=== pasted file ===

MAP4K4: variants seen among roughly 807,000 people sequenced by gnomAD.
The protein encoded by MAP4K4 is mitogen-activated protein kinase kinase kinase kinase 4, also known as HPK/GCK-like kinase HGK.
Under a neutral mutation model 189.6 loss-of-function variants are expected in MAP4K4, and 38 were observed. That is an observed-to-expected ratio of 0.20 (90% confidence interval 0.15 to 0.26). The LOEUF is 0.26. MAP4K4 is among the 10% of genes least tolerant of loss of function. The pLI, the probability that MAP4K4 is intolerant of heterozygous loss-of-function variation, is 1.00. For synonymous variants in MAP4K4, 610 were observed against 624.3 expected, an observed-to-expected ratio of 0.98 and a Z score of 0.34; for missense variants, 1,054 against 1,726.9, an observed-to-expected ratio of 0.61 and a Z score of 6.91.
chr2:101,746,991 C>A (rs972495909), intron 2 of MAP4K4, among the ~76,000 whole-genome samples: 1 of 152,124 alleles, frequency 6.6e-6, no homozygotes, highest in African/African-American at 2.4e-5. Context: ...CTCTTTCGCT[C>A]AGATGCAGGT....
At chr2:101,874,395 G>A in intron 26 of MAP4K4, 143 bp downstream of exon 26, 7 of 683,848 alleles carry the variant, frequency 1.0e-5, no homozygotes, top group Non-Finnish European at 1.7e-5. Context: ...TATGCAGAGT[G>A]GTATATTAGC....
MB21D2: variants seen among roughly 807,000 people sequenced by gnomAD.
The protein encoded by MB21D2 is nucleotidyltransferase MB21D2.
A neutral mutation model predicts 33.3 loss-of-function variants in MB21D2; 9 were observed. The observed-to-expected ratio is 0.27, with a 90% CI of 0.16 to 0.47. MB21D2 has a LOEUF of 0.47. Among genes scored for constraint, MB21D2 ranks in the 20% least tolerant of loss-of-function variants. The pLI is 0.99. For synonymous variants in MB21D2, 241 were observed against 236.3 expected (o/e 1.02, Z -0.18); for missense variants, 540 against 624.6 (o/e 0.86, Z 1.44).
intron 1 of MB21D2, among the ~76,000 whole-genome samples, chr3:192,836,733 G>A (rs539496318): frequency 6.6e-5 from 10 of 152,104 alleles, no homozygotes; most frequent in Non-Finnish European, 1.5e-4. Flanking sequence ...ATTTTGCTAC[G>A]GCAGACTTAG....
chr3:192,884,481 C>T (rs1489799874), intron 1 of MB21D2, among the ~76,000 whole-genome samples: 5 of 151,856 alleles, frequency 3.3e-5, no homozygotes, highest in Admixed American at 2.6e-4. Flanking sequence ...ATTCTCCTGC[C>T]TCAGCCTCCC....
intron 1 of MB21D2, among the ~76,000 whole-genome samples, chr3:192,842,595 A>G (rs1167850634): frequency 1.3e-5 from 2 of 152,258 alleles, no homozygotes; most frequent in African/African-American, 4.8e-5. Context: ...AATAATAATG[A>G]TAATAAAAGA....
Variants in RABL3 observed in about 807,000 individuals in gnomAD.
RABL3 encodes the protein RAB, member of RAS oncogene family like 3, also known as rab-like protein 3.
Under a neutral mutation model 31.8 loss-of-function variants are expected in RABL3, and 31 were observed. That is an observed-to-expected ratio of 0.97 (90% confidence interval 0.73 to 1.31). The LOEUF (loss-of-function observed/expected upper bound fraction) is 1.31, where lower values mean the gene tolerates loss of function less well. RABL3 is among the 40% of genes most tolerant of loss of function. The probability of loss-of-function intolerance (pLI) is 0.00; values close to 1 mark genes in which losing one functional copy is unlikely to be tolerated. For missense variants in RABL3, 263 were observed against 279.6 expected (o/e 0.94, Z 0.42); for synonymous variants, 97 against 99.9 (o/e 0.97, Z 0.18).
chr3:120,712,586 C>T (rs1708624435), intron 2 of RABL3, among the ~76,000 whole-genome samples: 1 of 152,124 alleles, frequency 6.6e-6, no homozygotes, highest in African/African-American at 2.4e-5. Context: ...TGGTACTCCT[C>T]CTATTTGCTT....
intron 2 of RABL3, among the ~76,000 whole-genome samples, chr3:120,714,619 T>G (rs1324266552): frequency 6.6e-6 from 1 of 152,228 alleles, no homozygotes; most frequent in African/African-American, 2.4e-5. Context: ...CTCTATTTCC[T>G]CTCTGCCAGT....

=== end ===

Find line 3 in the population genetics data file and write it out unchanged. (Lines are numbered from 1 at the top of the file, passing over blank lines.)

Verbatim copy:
Under a neutral mutation model 189.6 loss-of-function variants are expected in MAP4K4, and 38 were observed. That is an observed-to-expected ratio of 0.20 (90% confidence interval 0.15 to 0.26). The LOEUF is 0.26. MAP4K4 is among the 10% of genes least tolerant of loss of function. The pLI, the probability that MAP4K4 is intolerant of heterozygous loss-of-function variation, is 1.00. For synonymous variants in MAP4K4, 610 were observed against 624.3 expected, an observed-to-expected ratio of 0.98 and a Z score of 0.34; for missense variants, 1,054 against 1,726.9, an observed-to-expected ratio of 0.61 and a Z score of 6.91.